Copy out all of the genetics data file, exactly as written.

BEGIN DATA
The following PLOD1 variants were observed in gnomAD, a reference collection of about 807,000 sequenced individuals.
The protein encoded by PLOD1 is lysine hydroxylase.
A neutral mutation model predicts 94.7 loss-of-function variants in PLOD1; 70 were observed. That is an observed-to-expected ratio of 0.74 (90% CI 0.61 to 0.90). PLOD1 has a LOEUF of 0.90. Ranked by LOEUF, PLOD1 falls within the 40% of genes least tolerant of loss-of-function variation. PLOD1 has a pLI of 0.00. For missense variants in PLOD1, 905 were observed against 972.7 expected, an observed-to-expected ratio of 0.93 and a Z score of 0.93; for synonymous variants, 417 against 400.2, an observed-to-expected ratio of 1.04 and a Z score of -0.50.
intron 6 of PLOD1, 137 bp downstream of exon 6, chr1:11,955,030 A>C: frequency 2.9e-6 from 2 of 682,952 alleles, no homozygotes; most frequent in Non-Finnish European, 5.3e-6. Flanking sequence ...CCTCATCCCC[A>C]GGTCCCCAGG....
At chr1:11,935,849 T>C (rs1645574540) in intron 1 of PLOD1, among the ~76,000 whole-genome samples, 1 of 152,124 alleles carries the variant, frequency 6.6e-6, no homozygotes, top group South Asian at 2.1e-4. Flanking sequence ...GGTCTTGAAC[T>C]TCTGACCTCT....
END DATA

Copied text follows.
The following PLOD1 variants were observed in gnomAD, a reference collection of about 807,000 sequenced individuals.
The protein encoded by PLOD1 is lysine hydroxylase.
A neutral mutation model predicts 94.7 loss-of-function variants in PLOD1; 70 were observed. That is an observed-to-expected ratio of 0.74 (90% CI 0.61 to 0.90). PLOD1 has a LOEUF of 0.90. Ranked by LOEUF, PLOD1 falls within the 40% of genes least tolerant of loss-of-function variation. PLOD1 has a pLI of 0.00. For missense variants in PLOD1, 905 were observed against 972.7 expected, an observed-to-expected ratio of 0.93 and a Z score of 0.93; for synonymous variants, 417 against 400.2, an observed-to-expected ratio of 1.04 and a Z score of -0.50.
intron 6 of PLOD1, 137 bp downstream of exon 6, chr1:11,955,030 A>C: frequency 2.9e-6 from 2 of 682,952 alleles, no homozygotes; most frequent in Non-Finnish European, 5.3e-6. Flanking sequence ...CCTCATCCCC[A>C]GGTCCCCAGG....
At chr1:11,935,849 T>C (rs1645574540) in intron 1 of PLOD1, among the ~76,000 whole-genome samples, 1 of 152,124 alleles carries the variant, frequency 6.6e-6, no homozygotes, top group South Asian at 2.1e-4. Flanking sequence ...GGTCTTGAAC[T>C]TCTGACCTCT....